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Creation and Evolution in Schools
Lecture Series: Science and Faith in Judaism and Islam
In the United States, Israel, and some Muslim-majority countries, some religious schools do not teach evolutionary biology. This has encountered growing criticism, including from some Jewish and Muslim theologians and scholars. They complain that the lacking or inadequate coverage of evolutionary biology could instill a distrust of the sciences in religious people. Also, they say, this compromises children’s and teens’ scientific education. Many even consider such censorship in the curriculum to be neglecting the religious obligation to strive for knowledge.
But how can religious pupils be presented with both scientific and theological views of the world without the teacher either de-legitimizing or absolutizing religious perspectives? And how should teachers handle positions that consider these perspectives incompatible?
A discussion with Rachel S. A. Pear and Anila Asghar. Moderator: Dr. Kathrin Klausing (Institute for Islamic Theology, Osnabrück University).
Rachel S. A. Pear
Rachel S. A. Pear is a research associate at the Center for Jewish Education in the University of Haifa, where she researches education about evolutionary biology at Israeli schools. She wrote her dissertation on American Orthodox Judaism’s conflict with the theory of evolution.
Anila Ashgar is a Professor at the Department of Integrated Studies in Education at McGill University, Canada. She researches science education and has published about the treatment of evolutionary theory at schools in Muslim-majority countries.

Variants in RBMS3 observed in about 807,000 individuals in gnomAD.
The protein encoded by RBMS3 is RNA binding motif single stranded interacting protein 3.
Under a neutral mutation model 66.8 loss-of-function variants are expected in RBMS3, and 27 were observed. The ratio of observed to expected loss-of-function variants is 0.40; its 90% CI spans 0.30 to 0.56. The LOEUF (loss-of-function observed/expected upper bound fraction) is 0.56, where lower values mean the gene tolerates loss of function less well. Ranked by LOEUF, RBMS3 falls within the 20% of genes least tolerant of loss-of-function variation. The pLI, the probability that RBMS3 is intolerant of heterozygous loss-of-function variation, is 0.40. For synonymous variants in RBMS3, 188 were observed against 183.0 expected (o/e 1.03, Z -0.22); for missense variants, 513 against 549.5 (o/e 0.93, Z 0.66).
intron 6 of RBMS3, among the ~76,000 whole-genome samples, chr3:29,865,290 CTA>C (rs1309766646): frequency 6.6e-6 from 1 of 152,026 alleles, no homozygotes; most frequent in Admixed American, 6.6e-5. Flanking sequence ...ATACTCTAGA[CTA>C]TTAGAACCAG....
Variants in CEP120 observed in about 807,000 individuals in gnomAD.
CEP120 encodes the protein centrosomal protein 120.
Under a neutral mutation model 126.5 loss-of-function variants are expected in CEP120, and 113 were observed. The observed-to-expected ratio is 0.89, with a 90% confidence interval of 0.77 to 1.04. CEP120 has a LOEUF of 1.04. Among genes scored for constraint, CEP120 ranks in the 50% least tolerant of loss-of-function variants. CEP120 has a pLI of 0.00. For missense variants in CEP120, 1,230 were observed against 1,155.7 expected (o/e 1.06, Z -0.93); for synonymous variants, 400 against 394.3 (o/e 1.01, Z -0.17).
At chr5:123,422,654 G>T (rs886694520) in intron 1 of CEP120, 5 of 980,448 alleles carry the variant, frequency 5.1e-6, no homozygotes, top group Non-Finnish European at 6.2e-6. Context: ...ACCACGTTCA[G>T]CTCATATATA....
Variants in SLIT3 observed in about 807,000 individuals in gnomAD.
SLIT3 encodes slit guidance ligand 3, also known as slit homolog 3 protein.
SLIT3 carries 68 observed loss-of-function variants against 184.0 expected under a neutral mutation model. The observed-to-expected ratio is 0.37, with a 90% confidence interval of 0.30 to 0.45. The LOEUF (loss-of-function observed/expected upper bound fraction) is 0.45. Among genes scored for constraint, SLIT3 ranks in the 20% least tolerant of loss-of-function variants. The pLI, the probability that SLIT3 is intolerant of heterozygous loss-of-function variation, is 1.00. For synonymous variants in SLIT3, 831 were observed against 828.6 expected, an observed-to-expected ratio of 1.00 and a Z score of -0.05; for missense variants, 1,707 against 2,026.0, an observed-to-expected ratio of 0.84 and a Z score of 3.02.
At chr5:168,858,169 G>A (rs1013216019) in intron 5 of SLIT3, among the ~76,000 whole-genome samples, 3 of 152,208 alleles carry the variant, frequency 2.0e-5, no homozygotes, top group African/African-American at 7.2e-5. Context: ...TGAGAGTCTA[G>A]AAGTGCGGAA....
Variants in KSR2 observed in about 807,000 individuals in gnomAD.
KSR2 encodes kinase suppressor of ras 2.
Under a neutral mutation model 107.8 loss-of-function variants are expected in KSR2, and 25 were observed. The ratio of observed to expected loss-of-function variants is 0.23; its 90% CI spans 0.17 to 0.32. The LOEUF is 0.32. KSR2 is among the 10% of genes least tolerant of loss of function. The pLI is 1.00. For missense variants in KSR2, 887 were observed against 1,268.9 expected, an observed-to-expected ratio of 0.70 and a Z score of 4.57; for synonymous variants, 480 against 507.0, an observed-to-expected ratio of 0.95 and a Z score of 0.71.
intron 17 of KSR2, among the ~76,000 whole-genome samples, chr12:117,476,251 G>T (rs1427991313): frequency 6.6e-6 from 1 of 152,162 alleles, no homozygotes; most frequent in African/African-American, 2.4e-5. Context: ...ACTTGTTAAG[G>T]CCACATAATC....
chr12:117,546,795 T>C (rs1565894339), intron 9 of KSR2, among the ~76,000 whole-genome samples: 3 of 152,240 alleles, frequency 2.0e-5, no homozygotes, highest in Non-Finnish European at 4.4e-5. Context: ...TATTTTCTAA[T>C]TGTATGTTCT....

About the Lecture Series
Scientific discoveries in astronomy, geology, and biology over the past centuries have called into question the centrality of humans as the “crown of creation.” Today, religious and scientific positions are often seen as irreconcilable. While some present religions as incompatible with a modern worldview, others demand that creationism be giving equal billing in school as an alternative to the theory of evolution. In the past, this conflicting relationship between religion and science was hardly the rule. Many theologists were also scientists and made significant contributions to our understanding of humanity and the surrounding world.
This lecture series sets out to explore the tensions and affinities between Judaism, Islam, and the sciences. It aims to supplement the narrative of conflict with other narratives. To that end, the lecture series delves into subjects such as evolution and creation, belief in miracles, biological determinism and free will, historicist critical analysis of sacred texts, and how Jewish and Muslim religious educators approach the sciences.